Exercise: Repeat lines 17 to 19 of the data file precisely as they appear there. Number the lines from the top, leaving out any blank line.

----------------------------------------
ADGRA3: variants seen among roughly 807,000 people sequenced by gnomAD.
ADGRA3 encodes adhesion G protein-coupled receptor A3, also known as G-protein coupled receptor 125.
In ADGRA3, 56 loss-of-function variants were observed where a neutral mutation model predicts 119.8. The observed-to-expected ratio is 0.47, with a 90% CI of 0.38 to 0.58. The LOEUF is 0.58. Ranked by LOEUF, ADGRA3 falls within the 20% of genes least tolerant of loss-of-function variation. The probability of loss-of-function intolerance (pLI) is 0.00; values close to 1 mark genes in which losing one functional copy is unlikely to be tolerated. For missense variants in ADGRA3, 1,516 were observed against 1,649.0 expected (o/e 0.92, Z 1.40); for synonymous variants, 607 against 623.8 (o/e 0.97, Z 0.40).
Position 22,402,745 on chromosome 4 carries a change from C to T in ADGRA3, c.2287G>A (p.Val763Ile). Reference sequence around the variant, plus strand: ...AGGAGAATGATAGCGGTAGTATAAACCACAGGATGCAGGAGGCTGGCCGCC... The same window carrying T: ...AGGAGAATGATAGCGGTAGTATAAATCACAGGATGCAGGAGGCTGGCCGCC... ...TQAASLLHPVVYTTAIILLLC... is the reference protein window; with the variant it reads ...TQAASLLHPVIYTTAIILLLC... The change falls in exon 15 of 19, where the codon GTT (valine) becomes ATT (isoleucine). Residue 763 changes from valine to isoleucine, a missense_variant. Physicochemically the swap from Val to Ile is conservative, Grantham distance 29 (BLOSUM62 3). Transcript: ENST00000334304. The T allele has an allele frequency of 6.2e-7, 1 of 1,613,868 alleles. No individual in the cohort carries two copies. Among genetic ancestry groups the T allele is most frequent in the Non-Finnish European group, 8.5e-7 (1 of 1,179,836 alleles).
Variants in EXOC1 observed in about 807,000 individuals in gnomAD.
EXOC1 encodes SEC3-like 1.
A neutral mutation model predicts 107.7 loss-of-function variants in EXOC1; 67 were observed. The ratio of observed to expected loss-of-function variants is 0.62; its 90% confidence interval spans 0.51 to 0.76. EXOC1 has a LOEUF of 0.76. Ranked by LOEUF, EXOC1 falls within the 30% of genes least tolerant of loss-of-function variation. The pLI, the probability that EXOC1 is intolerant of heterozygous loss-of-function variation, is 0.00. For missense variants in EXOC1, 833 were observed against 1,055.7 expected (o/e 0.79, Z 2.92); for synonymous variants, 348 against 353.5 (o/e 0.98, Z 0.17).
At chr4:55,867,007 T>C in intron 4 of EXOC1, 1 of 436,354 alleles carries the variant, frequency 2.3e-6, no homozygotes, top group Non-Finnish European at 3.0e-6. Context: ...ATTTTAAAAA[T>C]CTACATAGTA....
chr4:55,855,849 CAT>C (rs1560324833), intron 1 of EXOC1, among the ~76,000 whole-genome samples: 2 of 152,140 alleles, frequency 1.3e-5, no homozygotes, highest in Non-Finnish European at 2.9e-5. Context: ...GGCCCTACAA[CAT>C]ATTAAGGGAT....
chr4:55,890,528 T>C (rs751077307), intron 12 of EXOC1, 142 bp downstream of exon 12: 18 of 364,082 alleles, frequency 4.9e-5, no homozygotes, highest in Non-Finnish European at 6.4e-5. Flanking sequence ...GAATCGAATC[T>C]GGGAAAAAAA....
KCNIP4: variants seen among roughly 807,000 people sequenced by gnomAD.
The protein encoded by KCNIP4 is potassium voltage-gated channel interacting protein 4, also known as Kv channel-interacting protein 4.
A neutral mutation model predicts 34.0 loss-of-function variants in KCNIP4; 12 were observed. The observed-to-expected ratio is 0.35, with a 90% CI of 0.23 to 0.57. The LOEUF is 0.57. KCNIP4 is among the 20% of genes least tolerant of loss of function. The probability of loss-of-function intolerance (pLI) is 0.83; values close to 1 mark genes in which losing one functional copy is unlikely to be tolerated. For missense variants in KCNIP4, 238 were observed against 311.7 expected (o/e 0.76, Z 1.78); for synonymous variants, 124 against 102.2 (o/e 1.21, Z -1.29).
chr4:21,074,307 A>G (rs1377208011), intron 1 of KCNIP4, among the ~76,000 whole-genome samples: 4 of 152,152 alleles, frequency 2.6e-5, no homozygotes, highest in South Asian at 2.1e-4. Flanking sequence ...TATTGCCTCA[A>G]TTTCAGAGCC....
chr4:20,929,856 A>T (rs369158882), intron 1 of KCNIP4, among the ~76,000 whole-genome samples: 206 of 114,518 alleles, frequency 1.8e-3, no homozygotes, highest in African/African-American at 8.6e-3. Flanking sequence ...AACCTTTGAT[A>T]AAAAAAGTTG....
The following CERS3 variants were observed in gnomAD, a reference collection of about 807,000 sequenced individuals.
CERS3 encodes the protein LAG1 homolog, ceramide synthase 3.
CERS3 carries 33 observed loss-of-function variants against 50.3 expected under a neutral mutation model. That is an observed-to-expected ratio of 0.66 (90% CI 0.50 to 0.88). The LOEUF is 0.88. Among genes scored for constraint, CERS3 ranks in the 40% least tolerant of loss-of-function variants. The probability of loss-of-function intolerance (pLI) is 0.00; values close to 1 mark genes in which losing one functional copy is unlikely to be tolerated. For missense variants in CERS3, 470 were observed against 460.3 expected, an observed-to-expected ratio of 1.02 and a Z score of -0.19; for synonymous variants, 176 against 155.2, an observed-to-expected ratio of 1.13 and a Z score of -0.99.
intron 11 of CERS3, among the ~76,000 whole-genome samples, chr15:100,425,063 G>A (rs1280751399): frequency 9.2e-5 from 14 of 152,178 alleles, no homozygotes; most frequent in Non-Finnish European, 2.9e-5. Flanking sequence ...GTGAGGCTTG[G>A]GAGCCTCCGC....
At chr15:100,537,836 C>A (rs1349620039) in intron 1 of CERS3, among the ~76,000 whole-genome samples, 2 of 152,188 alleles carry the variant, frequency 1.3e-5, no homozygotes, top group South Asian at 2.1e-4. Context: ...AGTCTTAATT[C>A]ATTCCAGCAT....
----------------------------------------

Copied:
CERS3 encodes the protein LAG1 homolog, ceramide synthase 3.
CERS3 carries 33 observed loss-of-function variants against 50.3 expected under a neutral mutation model. That is an observed-to-expected ratio of 0.66 (90% CI 0.50 to 0.88). The LOEUF is 0.88. Among genes scored for constraint, CERS3 ranks in the 40% least tolerant of loss-of-function variants. The probability of loss-of-function intolerance (pLI) is 0.00; values close to 1 mark genes in which losing one functional copy is unlikely to be tolerated. For missense variants in CERS3, 470 were observed against 460.3 expected, an observed-to-expected ratio of 1.02 and a Z score of -0.19; for synonymous variants, 176 against 155.2, an observed-to-expected ratio of 1.13 and a Z score of -0.99.
intron 11 of CERS3, among the ~76,000 whole-genome samples, chr15:100,425,063 G>A (rs1280751399): frequency 9.2e-5 from 14 of 152,178 alleles, no homozygotes; most frequent in Non-Finnish European, 2.9e-5. Flanking sequence ...GTGAGGCTTG[G>A]GAGCCTCCGC....